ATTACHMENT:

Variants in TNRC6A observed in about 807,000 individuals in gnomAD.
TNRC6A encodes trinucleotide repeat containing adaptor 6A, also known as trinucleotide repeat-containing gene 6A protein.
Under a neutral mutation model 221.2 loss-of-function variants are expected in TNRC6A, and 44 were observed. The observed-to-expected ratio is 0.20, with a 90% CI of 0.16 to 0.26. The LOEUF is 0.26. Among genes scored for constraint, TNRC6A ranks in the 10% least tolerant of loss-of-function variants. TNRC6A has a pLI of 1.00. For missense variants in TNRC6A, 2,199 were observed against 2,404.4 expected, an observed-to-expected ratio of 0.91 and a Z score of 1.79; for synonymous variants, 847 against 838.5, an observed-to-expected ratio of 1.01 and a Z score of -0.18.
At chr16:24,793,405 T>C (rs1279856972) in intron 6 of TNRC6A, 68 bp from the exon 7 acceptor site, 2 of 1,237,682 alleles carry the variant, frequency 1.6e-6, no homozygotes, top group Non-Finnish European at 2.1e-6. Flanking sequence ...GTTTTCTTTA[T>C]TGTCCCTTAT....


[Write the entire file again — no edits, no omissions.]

Variants in TNRC6A observed in about 807,000 individuals in gnomAD.
TNRC6A encodes trinucleotide repeat containing adaptor 6A, also known as trinucleotide repeat-containing gene 6A protein.
Under a neutral mutation model 221.2 loss-of-function variants are expected in TNRC6A, and 44 were observed. The observed-to-expected ratio is 0.20, with a 90% CI of 0.16 to 0.26. The LOEUF is 0.26. Among genes scored for constraint, TNRC6A ranks in the 10% least tolerant of loss-of-function variants. TNRC6A has a pLI of 1.00. For missense variants in TNRC6A, 2,199 were observed against 2,404.4 expected, an observed-to-expected ratio of 0.91 and a Z score of 1.79; for synonymous variants, 847 against 838.5, an observed-to-expected ratio of 1.01 and a Z score of -0.18.
At chr16:24,793,405 T>C (rs1279856972) in intron 6 of TNRC6A, 68 bp from the exon 7 acceptor site, 2 of 1,237,682 alleles carry the variant, frequency 1.6e-6, no homozygotes, top group Non-Finnish European at 2.1e-6. Flanking sequence ...GTTTTCTTTA[T>C]TGTCCCTTAT....